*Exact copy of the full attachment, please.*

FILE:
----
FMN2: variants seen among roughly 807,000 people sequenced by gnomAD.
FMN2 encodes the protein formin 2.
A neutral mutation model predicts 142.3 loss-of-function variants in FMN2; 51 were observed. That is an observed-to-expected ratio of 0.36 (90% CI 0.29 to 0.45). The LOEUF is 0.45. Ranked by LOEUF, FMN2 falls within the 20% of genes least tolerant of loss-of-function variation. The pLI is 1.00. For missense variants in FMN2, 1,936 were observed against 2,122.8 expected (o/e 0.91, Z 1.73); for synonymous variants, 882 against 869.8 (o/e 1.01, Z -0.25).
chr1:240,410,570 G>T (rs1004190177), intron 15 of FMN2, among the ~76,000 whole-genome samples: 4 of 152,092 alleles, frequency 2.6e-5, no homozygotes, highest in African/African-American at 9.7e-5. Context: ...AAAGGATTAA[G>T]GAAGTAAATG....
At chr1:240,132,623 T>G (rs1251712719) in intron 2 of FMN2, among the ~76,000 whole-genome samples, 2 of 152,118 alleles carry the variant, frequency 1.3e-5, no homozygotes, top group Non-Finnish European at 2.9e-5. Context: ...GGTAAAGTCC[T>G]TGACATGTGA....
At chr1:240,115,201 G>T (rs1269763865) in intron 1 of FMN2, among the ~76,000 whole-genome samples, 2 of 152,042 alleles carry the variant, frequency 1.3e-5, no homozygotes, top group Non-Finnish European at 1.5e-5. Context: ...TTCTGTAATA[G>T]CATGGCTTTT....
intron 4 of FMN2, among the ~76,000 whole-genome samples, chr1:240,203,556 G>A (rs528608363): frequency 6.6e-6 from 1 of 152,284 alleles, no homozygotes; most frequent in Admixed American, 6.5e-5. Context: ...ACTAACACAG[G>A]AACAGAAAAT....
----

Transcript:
FMN2: variants seen among roughly 807,000 people sequenced by gnomAD.
FMN2 encodes the protein formin 2.
A neutral mutation model predicts 142.3 loss-of-function variants in FMN2; 51 were observed. That is an observed-to-expected ratio of 0.36 (90% CI 0.29 to 0.45). The LOEUF is 0.45. Ranked by LOEUF, FMN2 falls within the 20% of genes least tolerant of loss-of-function variation. The pLI is 1.00. For missense variants in FMN2, 1,936 were observed against 2,122.8 expected (o/e 0.91, Z 1.73); for synonymous variants, 882 against 869.8 (o/e 1.01, Z -0.25).
chr1:240,410,570 G>T (rs1004190177), intron 15 of FMN2, among the ~76,000 whole-genome samples: 4 of 152,092 alleles, frequency 2.6e-5, no homozygotes, highest in African/African-American at 9.7e-5. Context: ...AAAGGATTAA[G>T]GAAGTAAATG....
At chr1:240,132,623 T>G (rs1251712719) in intron 2 of FMN2, among the ~76,000 whole-genome samples, 2 of 152,118 alleles carry the variant, frequency 1.3e-5, no homozygotes, top group Non-Finnish European at 2.9e-5. Context: ...GGTAAAGTCC[T>G]TGACATGTGA....
At chr1:240,115,201 G>T (rs1269763865) in intron 1 of FMN2, among the ~76,000 whole-genome samples, 2 of 152,042 alleles carry the variant, frequency 1.3e-5, no homozygotes, top group Non-Finnish European at 1.5e-5. Context: ...TTCTGTAATA[G>T]CATGGCTTTT....
intron 4 of FMN2, among the ~76,000 whole-genome samples, chr1:240,203,556 G>A (rs528608363): frequency 6.6e-6 from 1 of 152,284 alleles, no homozygotes; most frequent in Admixed American, 6.5e-5. Context: ...ACTAACACAG[G>A]AACAGAAAAT....